Rapper and producer Heno, whose piece for Moves will debut on Dec. 10, is also very interested making the NFT space more accessible. “I feel like information is the difference between doing something right and not doing something at all sometimes. There are a lot of dope, talented people who don’t even have access to be able to mint,” Heno shares.
Beyond access to information, the sheer cost of minting an NFT can be a barrier for artists. Gas fees can be notoriously high, and are required to execute any transaction on the Ethereum blockchain platform (including minting, buying or even collecting funds from a sale).
“That’s why I point people in the right direction or put my folks on, because I think that it’s important to empower folks to be able to actually make a living off their work,” Heno says. “And seeing folks do that for others has been really telling of the type of people that are in this space and what they're what they're trying to do, because it's so open for collaboration.”
Similar to “NympheaMoves,” Heno’s piece will feature a virtual version of him dancing to his single “Parallel Timelines (ft. Mick Jenkins).” Heno’s genesis, or first-ever, NFT by the same name sold in mid-November for 0.5 ETH ($2,181.47 at the time of publication), and he’s already raised 3.75 ETH (or over $16,200) in crowdfunded donations for his upcoming album. He hopes his work will open a new path for redefining how artists look at and value their work beyond traditional systems.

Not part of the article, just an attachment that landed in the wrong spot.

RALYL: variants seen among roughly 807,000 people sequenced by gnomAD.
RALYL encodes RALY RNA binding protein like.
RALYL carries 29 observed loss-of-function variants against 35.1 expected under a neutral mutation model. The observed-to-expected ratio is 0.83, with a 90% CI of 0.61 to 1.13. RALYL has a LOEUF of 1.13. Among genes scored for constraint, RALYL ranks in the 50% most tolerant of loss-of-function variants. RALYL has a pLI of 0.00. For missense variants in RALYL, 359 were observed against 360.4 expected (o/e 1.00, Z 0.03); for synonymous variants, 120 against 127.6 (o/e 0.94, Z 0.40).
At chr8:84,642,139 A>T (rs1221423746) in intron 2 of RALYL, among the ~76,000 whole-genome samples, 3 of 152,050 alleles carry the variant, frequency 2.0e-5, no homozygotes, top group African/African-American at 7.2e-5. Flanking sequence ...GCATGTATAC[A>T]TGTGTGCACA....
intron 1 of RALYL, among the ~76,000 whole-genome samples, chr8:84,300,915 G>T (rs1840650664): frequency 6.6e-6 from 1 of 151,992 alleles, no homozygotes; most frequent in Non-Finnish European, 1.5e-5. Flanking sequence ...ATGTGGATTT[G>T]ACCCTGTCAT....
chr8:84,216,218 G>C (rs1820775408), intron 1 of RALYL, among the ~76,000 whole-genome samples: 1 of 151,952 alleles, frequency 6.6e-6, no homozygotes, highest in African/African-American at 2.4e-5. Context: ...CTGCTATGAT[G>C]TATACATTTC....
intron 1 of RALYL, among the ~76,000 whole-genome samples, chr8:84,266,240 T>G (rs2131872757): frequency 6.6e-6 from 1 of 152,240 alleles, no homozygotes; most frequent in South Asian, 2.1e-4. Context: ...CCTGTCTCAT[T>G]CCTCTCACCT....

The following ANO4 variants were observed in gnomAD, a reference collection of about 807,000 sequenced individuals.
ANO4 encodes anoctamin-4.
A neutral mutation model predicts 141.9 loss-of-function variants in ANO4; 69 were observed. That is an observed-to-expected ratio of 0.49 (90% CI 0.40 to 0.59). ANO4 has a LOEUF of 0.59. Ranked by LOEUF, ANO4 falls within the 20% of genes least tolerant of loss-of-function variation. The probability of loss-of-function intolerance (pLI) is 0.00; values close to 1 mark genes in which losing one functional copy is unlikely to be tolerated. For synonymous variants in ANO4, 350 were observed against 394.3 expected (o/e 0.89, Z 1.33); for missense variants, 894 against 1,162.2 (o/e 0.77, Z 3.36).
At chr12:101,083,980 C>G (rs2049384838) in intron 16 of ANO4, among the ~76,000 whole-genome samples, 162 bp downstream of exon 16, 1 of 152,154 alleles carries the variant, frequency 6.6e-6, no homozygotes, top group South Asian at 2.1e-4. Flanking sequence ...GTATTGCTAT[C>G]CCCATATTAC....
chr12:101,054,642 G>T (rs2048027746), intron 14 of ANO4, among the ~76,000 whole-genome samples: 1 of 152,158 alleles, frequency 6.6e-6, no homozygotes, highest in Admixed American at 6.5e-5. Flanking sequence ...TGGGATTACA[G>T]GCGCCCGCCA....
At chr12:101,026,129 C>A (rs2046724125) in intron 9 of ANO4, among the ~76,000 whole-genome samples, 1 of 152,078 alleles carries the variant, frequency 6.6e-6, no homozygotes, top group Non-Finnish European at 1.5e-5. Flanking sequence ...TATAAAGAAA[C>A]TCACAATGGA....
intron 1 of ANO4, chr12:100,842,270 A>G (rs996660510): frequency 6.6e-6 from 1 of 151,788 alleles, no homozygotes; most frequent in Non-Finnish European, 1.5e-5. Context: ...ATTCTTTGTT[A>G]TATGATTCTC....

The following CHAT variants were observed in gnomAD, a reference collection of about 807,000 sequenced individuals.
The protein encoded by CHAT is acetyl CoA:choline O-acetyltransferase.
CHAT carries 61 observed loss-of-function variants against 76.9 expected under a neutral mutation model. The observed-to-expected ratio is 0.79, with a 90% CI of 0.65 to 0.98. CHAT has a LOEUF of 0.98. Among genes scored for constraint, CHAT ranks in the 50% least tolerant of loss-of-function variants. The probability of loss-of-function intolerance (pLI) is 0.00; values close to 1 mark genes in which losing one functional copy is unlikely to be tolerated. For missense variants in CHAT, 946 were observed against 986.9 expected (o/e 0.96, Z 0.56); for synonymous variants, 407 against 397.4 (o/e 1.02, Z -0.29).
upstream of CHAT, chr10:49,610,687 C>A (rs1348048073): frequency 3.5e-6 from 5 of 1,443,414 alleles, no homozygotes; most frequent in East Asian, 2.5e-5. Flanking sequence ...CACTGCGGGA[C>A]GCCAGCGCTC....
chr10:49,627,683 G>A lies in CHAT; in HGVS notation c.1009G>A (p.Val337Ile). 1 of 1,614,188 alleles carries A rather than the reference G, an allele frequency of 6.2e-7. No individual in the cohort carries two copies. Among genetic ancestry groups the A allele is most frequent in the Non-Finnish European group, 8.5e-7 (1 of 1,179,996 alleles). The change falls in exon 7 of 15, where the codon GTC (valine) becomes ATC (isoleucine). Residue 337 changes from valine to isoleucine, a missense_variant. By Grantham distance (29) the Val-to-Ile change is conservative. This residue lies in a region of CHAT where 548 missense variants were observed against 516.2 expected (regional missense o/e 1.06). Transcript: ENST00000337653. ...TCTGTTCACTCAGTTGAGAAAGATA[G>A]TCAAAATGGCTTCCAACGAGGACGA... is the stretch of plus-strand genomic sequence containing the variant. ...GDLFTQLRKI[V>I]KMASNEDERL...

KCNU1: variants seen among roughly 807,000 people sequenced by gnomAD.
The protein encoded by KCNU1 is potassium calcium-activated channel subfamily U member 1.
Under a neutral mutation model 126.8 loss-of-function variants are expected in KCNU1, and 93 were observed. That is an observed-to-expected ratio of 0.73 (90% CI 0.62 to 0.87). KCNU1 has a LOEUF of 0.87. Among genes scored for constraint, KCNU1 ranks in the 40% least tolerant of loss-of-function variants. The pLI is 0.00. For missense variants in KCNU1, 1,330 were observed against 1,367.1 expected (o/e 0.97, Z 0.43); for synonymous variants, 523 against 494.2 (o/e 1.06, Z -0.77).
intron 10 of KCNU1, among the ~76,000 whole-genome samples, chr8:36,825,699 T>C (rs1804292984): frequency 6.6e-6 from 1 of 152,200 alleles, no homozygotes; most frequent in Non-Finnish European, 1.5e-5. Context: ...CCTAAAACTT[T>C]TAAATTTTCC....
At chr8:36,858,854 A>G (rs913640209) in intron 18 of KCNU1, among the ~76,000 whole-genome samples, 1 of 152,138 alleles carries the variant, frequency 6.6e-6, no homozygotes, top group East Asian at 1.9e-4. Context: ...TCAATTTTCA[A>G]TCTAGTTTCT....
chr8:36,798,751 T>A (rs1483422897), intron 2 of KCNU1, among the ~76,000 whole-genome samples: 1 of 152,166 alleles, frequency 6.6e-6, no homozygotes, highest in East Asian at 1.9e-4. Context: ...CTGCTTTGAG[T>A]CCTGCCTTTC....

One tangible example is an NFT smart contract: rather than spending thousands in legal fees to determine royalties, musicians can put together a simple, easy-to-understand contract that stipulates how earnings are handled. “Just like how it should be,” Heno exclaims. “It’s like, why are we subscribing to certain systems that just don't fucking make sense anymore? It's exciting to again be on the cusp of seeing and understanding our value, and [to] be able to empower other folks—especially marginalized folks—to do the same.”
For Morris, accessibility is at the core of Moves and all her work in the web3 space. “It’s extremely important in order to not just mirror and repeat the systems that already exist,” she says. “And you can already see that the people who are making the most money in the tech space are the wealthy, white men that have been in the space for a long time and can afford to put their savings into risky things.”
Beyond digital works alone, Morris is looking to expand to different platforms to increase accessibility for different audiences. Platforms built on Tezos (another cryptocurrency rising in popularity) have very cheap fees, and the cryptocurrency is one of the least damaging to the environment. And ones like POAP cross the line between the virtual and reality by letting users mint proof-of-attendance tokens for events.